July 12, 2024

This season, Trent Bray watchiThis Is The End Of The Journey, Impossible, I’m Done’ Boss Trent Bray Has
ng from the sidelines against Arizona. Captured by Patrick Mulligan
Early in the college football season, I received a tip from an elected official in the state of Washington.

The treasurer of Spokane County, Mike Baumgartner, commented, “You should do a column about Trent Bray growing up in Pullman.”

On Wednesday at 2:00 p.m., Bray will be officially named the head football coach of Oregon State during a press conference. The Beavers used Zoom to screen seven applicants for a “speed-dating” interview process on Monday before giving Bray the keys. They engaged a search firm on Sunday.

It was expected that Bray would land the position. Athletic director Scott Barnes found himself surrounded by current and former students, alumni, and

Athletic director Scott Barnes was boxed into a corner by donors, alumni, current players and unfortunate circumstances. Oregon State has no conference affiliation beyond next July, no television contract, it remains jammed up in a lawsuit against the Pac-12, and hasn’t released a 2024 football schedule.

There’s a tsunami of uncertainty in Corvallis. Given mounting pressure with the transfer portal (Dec. 4) opening, the risk of alienating donors and losing players wasn’t a risk Barnes was willing to take.

As one source told me on Monday: “It’s Bray — Barnes really has no choice.”

In the rough waters, Bray must have appeared like a lifeboat.

Barnes got on board.

That Baumgartner tip has been on my mind. He was employed as a Washington state legislator and a State Department officer at the U.S. Embassy in Baghdad during the Iraq surge before taking on the role of treasurer.

He concentrated on counterinsurgency.

Additionally, Baumgartner was close friends with the late Mike Leach. Those two must have had some fascinating chats. Leach was a law graduate who enjoyed discussing topics other than football. Indeed, Baumgartner and Leach co-taught a session on guerrilla warfare and football strategy at Mississippi State in the spring of 2022. The topic of conversation was touted as “the similarities between good football and warfare.”

Normally Division-I linebackers are phenomenal athletes,” Baumgartner explained, “but Trent might be the best football player relative to athletic ability in the game’s history. He could barely touch the rim.”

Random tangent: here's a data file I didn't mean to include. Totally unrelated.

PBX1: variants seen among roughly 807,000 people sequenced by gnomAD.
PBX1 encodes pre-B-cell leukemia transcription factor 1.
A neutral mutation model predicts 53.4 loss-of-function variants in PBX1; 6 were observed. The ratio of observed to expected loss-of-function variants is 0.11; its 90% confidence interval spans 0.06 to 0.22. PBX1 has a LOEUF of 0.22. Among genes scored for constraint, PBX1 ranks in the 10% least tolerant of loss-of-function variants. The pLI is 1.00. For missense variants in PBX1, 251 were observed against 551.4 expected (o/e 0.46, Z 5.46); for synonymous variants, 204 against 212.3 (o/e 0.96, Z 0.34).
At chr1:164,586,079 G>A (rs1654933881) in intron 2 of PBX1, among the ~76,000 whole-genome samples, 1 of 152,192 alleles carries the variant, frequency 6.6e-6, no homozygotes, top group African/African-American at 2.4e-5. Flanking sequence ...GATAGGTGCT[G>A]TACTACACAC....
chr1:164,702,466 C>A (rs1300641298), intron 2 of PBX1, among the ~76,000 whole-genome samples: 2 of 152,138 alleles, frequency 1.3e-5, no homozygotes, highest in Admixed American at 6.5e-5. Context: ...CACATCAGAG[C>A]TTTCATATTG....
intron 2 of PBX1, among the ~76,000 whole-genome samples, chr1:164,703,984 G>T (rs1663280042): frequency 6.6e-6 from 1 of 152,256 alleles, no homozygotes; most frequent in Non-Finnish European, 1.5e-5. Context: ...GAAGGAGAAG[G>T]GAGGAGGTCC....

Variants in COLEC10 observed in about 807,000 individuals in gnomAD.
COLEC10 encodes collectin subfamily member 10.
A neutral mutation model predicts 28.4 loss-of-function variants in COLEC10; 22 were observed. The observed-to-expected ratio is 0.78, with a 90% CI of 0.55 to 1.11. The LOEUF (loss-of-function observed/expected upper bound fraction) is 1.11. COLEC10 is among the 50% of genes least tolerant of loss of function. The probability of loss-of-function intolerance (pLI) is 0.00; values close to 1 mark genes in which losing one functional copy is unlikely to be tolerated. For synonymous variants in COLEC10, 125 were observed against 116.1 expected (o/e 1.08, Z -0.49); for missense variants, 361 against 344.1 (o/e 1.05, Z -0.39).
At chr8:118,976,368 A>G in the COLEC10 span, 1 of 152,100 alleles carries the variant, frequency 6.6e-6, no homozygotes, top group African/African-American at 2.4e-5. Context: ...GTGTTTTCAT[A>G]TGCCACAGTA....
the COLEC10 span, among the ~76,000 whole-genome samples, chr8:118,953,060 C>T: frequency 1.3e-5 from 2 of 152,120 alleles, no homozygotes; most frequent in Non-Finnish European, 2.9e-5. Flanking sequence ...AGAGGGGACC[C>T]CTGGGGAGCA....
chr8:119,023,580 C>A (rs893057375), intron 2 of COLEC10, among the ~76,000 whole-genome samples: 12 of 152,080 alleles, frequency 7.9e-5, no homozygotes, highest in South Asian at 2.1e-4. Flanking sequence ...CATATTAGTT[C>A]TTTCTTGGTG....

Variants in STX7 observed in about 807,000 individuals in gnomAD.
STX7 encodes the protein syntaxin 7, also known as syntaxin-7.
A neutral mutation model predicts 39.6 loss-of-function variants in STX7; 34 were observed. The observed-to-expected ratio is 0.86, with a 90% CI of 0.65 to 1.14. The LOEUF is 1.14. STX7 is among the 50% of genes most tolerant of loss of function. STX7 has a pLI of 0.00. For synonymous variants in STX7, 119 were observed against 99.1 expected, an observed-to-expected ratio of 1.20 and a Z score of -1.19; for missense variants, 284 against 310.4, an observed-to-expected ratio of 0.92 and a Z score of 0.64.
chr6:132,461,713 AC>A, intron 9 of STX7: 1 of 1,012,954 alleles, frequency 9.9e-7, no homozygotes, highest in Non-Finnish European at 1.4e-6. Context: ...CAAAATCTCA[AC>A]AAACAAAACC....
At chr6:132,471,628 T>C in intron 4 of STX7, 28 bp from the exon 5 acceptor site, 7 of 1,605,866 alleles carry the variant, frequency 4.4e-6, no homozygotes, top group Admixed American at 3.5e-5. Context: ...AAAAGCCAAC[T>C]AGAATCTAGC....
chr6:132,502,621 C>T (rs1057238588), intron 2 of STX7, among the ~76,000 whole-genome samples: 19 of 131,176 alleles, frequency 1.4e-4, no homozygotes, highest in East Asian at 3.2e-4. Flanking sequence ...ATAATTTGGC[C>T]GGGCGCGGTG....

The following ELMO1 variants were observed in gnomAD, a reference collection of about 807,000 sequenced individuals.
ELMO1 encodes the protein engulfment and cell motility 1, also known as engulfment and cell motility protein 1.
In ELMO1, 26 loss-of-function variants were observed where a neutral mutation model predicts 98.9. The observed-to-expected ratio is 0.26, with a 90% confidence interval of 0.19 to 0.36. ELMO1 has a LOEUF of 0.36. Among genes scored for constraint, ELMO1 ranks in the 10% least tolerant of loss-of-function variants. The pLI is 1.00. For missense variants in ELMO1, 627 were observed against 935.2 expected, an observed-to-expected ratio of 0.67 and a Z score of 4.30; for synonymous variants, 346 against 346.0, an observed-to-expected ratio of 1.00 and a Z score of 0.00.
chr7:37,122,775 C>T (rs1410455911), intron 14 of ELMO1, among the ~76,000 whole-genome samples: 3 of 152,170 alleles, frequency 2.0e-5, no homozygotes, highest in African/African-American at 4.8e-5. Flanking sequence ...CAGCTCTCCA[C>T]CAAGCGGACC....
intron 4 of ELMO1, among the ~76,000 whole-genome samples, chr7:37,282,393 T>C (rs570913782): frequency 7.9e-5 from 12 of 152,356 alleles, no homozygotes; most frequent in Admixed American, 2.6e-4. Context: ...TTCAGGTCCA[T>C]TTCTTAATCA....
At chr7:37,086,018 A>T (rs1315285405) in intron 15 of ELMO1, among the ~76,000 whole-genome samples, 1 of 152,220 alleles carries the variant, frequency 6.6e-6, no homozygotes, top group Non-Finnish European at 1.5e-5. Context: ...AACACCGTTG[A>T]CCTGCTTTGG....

I talked about hitting with Hall of Fame player Tony Gwynn years ago. He was blessed with tremendous vision and outstanding hand-eye coordination. But Gwynn was also a maniacal student of the game. He knew what his batting averages were in certain pitch counts, what pitches he hit best, and what zone he wanted the ball in. He was in a constant struggle against his limitations, even if his ceiling was sky-high compared to the average human with a wood bat in his hands.

Because of that, Gwynn could teach hitting to others.

Some other gifted MLB hitters I’ve spoken with — Bill Madlock comes to mind — have told me that they weren’t even thinking at the plate. Madlock, a career .305 hitter, wasn’t sitting on a curve ball or a fastball. He wasn’t plotting to put the pitcher in an unfavorable count. Madlock just stepped into the batter’s box in a gentle trance, swung at anything he liked, and won four batting titles.

You can’t teach that.

It’s natural.

Bray can really teach the game, ex-Oregon State players tell me. Maybe because he had to know it well to be successful as a player himself. Or maybe because his father, Craig, was a very good college coach himself.

Craig Bray coached at Miami, Washington State, Oregon State and Arizona State, among other places. I asked Trent Bray last spring about his father’s influence. He said that observing his dad’s football practices shaped him.

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